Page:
Going it Alone:The Terror Presidency: Justice and Judgment Inside the Bush Administration
American University - Washington College of Law; Stanford University - The Hoover Institution on War, Revolution and Peace; Brookings Institution - Governance Studies
December 21, 2007
London Times Literary Supplement, No. 5464/5, pp. 32-33, December 21 and 28, 2007
Jack Goldsmith's The Terror Presidency is one of the most important evaluations of the Bush Administration's War on Terror to come from inside the administration. More than just a memoir, the book offers a cogent historical and legal analysis of the profound dilemmas that confront administration officials caught between competing demands of protecting the American public while respecting civil liberties. The review sympathetically considers the issues as presented in the book, and traces through the ways in which these difficult matters, all the ones that have confronted the Bush administration and created so many political disputes, will continue to confront its successors of either political party. The review agrees with Goldsmith that there is no magic formula by which they will go away.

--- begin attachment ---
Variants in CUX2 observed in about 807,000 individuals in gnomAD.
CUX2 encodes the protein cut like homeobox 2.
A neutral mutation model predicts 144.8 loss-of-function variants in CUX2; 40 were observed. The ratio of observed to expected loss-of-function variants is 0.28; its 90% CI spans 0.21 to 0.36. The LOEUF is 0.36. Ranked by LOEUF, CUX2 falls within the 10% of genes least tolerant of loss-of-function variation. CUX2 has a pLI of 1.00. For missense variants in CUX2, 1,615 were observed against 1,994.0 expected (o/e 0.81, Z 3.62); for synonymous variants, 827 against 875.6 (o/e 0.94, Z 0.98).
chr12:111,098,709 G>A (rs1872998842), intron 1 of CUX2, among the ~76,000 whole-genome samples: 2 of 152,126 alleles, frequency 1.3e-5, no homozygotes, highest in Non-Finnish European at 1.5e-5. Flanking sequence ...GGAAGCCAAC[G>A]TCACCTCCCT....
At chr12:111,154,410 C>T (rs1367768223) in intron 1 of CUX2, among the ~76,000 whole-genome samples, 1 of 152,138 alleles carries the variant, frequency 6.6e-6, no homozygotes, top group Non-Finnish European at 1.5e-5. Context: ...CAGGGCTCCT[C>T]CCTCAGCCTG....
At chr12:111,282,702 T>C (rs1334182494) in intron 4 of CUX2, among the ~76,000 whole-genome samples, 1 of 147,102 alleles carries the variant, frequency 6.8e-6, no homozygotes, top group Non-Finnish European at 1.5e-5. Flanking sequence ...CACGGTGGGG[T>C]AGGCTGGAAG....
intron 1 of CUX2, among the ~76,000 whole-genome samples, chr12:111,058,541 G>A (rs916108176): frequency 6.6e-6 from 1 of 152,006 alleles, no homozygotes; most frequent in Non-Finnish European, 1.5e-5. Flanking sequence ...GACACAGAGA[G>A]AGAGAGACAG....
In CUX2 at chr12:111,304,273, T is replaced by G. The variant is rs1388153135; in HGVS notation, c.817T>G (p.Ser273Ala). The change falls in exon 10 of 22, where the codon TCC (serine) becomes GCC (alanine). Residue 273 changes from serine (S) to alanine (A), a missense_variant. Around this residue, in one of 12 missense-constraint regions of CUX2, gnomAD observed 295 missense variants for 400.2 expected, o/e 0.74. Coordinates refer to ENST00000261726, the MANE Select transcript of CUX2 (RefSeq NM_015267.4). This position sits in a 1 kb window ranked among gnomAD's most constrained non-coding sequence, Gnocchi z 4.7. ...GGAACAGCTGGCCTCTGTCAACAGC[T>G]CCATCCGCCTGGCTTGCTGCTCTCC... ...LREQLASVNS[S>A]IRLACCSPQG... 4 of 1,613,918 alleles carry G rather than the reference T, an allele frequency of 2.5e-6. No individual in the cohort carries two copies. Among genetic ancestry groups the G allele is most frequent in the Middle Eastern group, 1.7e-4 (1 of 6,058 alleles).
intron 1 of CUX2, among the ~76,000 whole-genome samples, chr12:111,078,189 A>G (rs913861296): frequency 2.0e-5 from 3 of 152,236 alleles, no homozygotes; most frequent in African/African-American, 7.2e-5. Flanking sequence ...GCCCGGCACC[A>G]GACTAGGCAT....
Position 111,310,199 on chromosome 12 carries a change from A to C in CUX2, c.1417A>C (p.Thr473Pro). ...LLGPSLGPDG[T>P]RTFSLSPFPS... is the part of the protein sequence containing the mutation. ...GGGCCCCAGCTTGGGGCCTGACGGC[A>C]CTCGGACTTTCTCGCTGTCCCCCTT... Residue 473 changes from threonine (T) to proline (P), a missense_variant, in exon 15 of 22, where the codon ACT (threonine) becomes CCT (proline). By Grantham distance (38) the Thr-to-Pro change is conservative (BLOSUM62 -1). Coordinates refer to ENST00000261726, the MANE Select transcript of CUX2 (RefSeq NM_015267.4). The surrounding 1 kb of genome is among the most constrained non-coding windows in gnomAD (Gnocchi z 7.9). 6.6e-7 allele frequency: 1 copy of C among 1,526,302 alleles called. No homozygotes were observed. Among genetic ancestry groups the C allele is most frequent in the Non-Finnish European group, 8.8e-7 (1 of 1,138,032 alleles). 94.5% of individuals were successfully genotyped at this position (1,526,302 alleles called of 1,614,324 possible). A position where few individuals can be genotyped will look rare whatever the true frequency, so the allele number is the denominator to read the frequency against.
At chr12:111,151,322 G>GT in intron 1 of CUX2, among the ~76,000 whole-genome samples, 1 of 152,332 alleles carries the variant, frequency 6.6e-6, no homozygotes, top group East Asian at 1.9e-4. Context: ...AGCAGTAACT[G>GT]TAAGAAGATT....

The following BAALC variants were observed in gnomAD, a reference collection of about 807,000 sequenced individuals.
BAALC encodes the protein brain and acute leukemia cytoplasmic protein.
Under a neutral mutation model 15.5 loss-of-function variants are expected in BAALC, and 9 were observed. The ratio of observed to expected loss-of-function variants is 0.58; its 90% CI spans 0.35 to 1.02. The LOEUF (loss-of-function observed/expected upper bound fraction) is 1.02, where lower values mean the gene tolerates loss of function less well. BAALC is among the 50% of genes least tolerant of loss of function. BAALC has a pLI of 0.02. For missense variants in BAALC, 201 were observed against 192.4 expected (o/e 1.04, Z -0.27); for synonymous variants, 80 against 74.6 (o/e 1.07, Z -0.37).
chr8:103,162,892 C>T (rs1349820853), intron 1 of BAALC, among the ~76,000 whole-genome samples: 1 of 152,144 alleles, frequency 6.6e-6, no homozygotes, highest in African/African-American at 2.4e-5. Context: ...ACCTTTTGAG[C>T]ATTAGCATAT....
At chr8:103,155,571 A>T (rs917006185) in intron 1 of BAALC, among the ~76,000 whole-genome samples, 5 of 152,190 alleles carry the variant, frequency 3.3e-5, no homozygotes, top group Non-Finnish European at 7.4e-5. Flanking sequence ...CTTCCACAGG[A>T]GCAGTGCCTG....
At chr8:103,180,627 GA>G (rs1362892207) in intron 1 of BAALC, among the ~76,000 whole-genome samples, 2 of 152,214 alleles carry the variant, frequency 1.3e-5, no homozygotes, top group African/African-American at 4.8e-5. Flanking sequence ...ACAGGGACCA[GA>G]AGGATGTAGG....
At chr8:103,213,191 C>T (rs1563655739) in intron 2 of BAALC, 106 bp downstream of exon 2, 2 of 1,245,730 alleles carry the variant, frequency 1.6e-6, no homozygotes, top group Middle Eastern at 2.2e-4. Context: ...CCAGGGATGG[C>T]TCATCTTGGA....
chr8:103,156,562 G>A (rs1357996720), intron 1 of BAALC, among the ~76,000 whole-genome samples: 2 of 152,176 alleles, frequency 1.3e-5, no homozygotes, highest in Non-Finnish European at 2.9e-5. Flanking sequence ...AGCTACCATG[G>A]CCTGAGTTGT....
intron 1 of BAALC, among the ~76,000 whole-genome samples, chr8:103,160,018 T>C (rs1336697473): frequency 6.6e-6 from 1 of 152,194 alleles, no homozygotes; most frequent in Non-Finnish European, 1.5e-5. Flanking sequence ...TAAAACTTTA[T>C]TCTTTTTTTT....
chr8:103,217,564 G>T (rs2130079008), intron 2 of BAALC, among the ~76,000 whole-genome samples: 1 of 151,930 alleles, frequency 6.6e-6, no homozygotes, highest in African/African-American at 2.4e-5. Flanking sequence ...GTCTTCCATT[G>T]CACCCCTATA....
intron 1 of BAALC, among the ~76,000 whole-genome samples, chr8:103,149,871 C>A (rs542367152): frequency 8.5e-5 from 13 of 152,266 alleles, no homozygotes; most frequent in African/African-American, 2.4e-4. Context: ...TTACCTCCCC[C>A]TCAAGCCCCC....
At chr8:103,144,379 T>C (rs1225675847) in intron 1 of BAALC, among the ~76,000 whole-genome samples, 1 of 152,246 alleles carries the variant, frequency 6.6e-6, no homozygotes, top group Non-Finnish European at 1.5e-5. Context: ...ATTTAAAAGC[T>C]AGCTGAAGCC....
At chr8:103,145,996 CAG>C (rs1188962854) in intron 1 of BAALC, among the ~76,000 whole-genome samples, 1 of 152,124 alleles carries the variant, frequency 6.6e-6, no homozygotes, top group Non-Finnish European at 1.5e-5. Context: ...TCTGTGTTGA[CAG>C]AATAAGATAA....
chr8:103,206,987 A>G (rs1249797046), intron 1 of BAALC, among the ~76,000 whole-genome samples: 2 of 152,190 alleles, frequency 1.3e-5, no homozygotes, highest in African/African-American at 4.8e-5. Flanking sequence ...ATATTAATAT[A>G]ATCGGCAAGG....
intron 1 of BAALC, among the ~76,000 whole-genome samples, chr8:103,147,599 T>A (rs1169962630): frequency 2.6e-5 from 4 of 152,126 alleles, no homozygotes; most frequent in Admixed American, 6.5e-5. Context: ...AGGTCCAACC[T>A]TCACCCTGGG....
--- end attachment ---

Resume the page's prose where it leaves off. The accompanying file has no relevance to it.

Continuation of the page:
Number of Pages in PDF File: 1
Keywords: Jack Goldsmith, war on terror, counterterrorism, Bush administration, David Addington, Lincoln, Roosevelt, civil liberties, national security, office of legal counsel, Hamdan, Hamdi, Boumediene, executive power, torture memos, enemy combatantAccepted Paper Series
Date posted: December 27, 2007 ; Last revised: November 22, 2010
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